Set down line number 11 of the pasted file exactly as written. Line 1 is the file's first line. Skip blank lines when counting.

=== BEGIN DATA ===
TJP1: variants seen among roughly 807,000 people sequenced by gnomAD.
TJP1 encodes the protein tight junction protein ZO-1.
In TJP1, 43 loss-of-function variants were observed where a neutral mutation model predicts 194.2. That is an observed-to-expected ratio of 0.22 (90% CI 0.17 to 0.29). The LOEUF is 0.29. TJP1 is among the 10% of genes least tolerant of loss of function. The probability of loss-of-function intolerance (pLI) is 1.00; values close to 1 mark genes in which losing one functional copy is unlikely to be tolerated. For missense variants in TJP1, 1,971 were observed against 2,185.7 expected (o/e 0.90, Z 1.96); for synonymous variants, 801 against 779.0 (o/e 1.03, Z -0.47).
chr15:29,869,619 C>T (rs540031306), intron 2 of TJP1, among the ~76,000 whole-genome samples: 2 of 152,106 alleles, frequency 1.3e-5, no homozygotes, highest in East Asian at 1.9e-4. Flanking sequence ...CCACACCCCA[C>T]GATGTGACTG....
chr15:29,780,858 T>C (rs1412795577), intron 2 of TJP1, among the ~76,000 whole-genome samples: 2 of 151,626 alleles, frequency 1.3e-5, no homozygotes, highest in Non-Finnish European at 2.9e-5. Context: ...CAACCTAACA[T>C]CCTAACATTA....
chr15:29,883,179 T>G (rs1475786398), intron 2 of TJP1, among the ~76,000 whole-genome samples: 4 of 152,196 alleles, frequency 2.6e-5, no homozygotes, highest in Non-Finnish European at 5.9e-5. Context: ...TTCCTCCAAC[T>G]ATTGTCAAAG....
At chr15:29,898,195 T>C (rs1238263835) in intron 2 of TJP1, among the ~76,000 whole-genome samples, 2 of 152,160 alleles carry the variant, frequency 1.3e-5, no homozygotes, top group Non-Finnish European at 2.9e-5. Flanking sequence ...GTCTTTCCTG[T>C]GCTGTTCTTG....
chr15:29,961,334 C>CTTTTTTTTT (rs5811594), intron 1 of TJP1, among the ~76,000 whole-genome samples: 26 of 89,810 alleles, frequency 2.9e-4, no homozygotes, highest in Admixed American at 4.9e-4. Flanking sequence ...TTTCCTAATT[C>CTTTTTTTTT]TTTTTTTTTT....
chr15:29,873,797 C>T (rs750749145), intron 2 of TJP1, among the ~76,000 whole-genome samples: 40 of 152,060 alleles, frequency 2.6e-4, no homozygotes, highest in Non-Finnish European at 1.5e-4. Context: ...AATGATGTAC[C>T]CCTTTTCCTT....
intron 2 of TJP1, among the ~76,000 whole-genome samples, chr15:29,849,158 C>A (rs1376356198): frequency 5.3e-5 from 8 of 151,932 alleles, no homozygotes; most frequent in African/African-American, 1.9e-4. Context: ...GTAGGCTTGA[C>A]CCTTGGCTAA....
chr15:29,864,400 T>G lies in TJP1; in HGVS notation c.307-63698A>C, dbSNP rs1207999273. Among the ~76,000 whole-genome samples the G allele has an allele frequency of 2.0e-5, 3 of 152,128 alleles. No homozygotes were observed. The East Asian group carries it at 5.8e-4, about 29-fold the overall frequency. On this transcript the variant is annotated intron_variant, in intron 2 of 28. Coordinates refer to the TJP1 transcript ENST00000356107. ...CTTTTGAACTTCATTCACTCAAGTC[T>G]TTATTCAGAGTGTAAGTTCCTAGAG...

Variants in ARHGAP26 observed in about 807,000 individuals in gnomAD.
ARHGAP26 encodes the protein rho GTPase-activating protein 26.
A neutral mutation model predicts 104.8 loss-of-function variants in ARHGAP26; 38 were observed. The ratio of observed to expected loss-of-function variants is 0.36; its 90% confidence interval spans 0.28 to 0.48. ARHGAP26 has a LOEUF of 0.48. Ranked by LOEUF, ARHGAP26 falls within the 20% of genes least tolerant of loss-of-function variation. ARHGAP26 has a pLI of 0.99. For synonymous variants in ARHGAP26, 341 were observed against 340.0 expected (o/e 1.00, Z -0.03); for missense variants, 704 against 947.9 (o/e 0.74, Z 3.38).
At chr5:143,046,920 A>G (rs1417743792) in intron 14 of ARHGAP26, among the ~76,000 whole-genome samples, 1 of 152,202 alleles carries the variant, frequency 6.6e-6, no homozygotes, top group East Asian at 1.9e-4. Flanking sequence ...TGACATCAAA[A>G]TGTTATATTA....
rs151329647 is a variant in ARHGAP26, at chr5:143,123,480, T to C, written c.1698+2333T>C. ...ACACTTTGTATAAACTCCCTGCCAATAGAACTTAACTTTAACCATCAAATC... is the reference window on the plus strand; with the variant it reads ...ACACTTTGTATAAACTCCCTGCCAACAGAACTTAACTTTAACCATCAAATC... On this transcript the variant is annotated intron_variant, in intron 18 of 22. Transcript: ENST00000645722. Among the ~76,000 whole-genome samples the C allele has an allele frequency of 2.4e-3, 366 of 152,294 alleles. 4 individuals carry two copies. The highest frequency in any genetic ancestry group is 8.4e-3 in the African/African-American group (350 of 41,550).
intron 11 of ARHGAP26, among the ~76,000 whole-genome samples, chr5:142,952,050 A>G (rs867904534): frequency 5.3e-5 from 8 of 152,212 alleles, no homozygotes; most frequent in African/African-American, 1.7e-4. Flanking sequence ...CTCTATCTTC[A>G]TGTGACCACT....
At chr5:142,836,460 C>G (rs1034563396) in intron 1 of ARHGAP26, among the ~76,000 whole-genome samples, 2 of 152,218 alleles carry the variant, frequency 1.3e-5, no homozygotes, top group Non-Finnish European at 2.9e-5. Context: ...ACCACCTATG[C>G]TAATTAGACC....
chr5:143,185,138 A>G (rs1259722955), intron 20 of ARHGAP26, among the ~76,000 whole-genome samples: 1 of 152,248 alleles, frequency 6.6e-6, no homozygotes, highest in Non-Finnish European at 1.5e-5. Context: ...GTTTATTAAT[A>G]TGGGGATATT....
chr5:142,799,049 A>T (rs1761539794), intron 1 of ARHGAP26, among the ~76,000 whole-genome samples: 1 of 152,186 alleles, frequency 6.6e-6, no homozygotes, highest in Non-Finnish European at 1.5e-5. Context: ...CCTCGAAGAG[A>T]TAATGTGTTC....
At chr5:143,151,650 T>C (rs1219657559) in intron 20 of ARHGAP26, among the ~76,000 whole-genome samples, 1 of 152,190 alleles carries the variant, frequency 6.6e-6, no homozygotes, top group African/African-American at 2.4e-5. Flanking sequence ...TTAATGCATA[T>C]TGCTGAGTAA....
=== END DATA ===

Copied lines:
chr15:29,864,400 T>G lies in TJP1; in HGVS notation c.307-63698A>C, dbSNP rs1207999273. Among the ~76,000 whole-genome samples the G allele has an allele frequency of 2.0e-5, 3 of 152,128 alleles. No homozygotes were observed. The East Asian group carries it at 5.8e-4, about 29-fold the overall frequency. On this transcript the variant is annotated intron_variant, in intron 2 of 28. Coordinates refer to the TJP1 transcript ENST00000356107. ...CTTTTGAACTTCATTCACTCAAGTC[T>G]TTATTCAGAGTGTAAGTTCCTAGAG...